“I failed to recognise my hoarding behaviours because I didn’t match the stereotypes I’d seen on TV”

What’s it like to confront your hoarding behaviours? In a moving first-person piece for Processing, a Frame Of Mind series, Plymouth’s Laureate Of Words, Laura Horton, reveals the moment she realised her sample sale habit was a sign of a bigger problem.

In 2016, I had major surgery on my head. I was told to rest, but two days into my recovery, I saw an advert for a Mary Katrantzou sample sale. My instinct told me not to go. I was exhausted and sore, and my thick curly hair was still matted with blood because I couldn’t risk getting my stitches wet. But my fear took over – the fear that I would miss something special.

In the end, the adrenalin got me there – but it didn’t last long. I arrived early, but the sale was busy, pushy and full on, and I quickly felt faint. I didn’t want to leave though. The sale was good, and I wanted to make sure I’d scouted the place out properly before I went back home to rest. Before long, my arm was buckling under the weight of all the items I’d picked up, and I nearly collapsed on a pensioner. I left with a few items, but I also felt weak, foolish and ashamed. I knew I should’ve been looking after myself – but I couldn’t help it.

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For as long as I can remember, I’ve always loved clothes. I can still picture my favourite outfits as a child: a pink needlecord dress and a matching jacket, a Minnie Mouse suit and a pair of pink patent shoes. I attached meaning and comfort to items even back then. When I lost my Minnie Mouse suit on holiday, I was distraught. It felt like I’d lost something truly significant.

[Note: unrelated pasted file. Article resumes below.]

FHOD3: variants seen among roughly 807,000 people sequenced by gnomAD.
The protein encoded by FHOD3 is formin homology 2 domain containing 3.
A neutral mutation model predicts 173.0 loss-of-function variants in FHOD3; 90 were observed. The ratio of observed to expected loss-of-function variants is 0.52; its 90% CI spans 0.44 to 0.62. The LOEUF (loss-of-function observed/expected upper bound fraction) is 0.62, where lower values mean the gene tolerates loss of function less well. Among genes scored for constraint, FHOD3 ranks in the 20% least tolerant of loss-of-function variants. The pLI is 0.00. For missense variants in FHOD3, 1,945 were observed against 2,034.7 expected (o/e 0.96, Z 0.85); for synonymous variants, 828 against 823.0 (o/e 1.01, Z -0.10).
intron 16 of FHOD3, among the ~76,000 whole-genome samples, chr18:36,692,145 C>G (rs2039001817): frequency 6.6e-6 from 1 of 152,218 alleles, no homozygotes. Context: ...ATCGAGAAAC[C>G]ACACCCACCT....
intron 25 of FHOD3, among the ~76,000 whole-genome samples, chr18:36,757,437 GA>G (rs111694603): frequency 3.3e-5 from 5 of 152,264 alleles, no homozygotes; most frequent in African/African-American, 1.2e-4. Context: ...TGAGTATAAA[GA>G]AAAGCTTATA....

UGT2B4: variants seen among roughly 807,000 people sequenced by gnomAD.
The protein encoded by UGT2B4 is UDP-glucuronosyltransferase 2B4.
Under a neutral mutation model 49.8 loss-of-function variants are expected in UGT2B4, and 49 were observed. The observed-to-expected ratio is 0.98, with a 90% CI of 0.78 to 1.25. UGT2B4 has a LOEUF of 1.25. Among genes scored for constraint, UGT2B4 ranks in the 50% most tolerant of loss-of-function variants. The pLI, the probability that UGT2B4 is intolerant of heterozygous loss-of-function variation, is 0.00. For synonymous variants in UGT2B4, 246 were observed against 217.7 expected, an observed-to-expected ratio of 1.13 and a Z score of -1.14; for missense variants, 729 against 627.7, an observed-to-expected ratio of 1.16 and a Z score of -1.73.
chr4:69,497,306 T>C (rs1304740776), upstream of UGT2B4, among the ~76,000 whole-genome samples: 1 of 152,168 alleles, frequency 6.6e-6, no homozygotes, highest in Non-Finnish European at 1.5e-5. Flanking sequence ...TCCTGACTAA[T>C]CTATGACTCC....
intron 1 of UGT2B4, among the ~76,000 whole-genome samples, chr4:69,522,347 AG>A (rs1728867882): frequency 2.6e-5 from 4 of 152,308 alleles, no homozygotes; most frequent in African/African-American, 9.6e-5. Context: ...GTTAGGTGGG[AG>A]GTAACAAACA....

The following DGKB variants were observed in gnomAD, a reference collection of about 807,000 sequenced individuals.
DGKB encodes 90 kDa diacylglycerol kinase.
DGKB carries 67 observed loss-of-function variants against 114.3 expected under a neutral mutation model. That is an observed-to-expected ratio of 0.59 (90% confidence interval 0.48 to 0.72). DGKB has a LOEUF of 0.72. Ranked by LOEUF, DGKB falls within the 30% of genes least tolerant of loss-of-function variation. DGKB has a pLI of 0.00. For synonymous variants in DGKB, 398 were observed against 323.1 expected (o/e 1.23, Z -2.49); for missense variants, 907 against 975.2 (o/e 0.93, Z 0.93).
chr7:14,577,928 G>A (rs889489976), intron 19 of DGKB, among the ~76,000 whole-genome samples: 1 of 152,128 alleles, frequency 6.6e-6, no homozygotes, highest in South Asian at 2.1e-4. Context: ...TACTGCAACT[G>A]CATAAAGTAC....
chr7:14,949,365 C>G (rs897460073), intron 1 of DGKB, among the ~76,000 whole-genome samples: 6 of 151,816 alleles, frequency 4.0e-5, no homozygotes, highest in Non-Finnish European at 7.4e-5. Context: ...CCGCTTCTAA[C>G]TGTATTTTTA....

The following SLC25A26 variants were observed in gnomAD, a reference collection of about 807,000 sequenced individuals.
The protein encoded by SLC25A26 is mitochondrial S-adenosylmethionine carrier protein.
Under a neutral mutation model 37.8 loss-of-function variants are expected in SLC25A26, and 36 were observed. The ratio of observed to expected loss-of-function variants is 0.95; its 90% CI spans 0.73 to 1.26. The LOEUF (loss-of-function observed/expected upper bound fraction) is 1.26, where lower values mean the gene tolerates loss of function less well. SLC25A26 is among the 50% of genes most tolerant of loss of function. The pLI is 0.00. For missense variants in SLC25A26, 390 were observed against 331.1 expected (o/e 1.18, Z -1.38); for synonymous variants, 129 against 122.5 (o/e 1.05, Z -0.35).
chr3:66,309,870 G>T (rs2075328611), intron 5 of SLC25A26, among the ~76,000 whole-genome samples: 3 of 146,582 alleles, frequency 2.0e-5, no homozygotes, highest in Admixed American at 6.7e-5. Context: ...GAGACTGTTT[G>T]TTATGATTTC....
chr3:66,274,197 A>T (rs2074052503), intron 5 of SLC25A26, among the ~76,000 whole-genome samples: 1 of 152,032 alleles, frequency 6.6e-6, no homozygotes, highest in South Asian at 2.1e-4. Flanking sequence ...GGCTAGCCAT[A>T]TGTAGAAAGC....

As I grew older, my love of clothes continued. I loved leafing through magazines and trawling charity shops for outfits to recreate, and when I moved to London at 27, I discovered the wonder of sample sales. I remember them so fondly: Isa Arfen, where I got a deconstructed green shirt and high-waisted skirt; Christopher Kane, where I found a crochet cashmere skirt for £10; and Vivienne Westwood, where the shoes were £20 and I was served early because I was the only one not fighting and swearing at the staff.

It was exhilarating to find these beautiful, luxurious things, but it didn’t take long until buying and not being able to let go of things became central to my life. I never got into debt – most of my purchases were 20p jumpers at car boot sales or from the pound bin in my local charity shop – but my belongings were beginning to take up a noticeable amount of space and time. Being at home began to make me feel claustrophobic, and I worried what my housemates might think if they came into my room.